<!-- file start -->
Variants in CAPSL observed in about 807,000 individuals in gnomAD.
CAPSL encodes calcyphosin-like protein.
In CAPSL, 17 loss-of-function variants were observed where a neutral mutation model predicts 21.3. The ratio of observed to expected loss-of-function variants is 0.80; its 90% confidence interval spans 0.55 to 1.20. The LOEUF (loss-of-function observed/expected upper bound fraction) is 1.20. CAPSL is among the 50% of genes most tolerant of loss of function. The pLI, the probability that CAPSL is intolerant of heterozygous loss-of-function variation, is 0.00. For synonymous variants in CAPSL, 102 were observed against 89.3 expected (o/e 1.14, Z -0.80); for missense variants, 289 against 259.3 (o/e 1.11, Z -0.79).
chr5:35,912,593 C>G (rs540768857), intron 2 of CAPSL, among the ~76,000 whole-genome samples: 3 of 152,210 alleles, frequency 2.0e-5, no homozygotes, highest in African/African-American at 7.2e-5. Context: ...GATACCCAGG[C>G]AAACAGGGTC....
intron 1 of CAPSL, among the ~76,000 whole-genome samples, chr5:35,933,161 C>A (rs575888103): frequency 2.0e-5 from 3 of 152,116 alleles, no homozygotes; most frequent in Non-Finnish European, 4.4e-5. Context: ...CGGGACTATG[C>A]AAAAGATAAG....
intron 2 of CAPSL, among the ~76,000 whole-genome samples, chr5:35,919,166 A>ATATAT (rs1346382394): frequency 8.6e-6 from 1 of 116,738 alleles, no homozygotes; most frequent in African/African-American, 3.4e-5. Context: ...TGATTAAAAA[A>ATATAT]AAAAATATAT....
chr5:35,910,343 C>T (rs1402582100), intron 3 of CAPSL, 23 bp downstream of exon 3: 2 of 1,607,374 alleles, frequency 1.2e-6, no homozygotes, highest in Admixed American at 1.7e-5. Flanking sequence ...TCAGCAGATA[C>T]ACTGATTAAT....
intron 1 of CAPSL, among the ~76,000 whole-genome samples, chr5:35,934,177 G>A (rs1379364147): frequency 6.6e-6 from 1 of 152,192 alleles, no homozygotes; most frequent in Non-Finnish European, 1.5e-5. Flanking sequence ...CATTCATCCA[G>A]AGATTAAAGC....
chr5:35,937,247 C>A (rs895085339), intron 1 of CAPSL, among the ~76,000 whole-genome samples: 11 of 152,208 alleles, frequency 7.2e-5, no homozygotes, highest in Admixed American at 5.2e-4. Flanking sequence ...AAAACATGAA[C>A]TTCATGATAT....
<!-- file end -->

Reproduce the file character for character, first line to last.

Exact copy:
Variants in CAPSL observed in about 807,000 individuals in gnomAD.
CAPSL encodes calcyphosin-like protein.
In CAPSL, 17 loss-of-function variants were observed where a neutral mutation model predicts 21.3. The ratio of observed to expected loss-of-function variants is 0.80; its 90% confidence interval spans 0.55 to 1.20. The LOEUF (loss-of-function observed/expected upper bound fraction) is 1.20. CAPSL is among the 50% of genes most tolerant of loss of function. The pLI, the probability that CAPSL is intolerant of heterozygous loss-of-function variation, is 0.00. For synonymous variants in CAPSL, 102 were observed against 89.3 expected (o/e 1.14, Z -0.80); for missense variants, 289 against 259.3 (o/e 1.11, Z -0.79).
chr5:35,912,593 C>G (rs540768857), intron 2 of CAPSL, among the ~76,000 whole-genome samples: 3 of 152,210 alleles, frequency 2.0e-5, no homozygotes, highest in African/African-American at 7.2e-5. Context: ...GATACCCAGG[C>G]AAACAGGGTC....
intron 1 of CAPSL, among the ~76,000 whole-genome samples, chr5:35,933,161 C>A (rs575888103): frequency 2.0e-5 from 3 of 152,116 alleles, no homozygotes; most frequent in Non-Finnish European, 4.4e-5. Context: ...CGGGACTATG[C>A]AAAAGATAAG....
intron 2 of CAPSL, among the ~76,000 whole-genome samples, chr5:35,919,166 A>ATATAT (rs1346382394): frequency 8.6e-6 from 1 of 116,738 alleles, no homozygotes; most frequent in African/African-American, 3.4e-5. Context: ...TGATTAAAAA[A>ATATAT]AAAAATATAT....
chr5:35,910,343 C>T (rs1402582100), intron 3 of CAPSL, 23 bp downstream of exon 3: 2 of 1,607,374 alleles, frequency 1.2e-6, no homozygotes, highest in Admixed American at 1.7e-5. Flanking sequence ...TCAGCAGATA[C>T]ACTGATTAAT....
intron 1 of CAPSL, among the ~76,000 whole-genome samples, chr5:35,934,177 G>A (rs1379364147): frequency 6.6e-6 from 1 of 152,192 alleles, no homozygotes; most frequent in Non-Finnish European, 1.5e-5. Flanking sequence ...CATTCATCCA[G>A]AGATTAAAGC....
chr5:35,937,247 C>A (rs895085339), intron 1 of CAPSL, among the ~76,000 whole-genome samples: 11 of 152,208 alleles, frequency 7.2e-5, no homozygotes, highest in Admixed American at 5.2e-4. Flanking sequence ...AAAACATGAA[C>A]TTCATGATAT....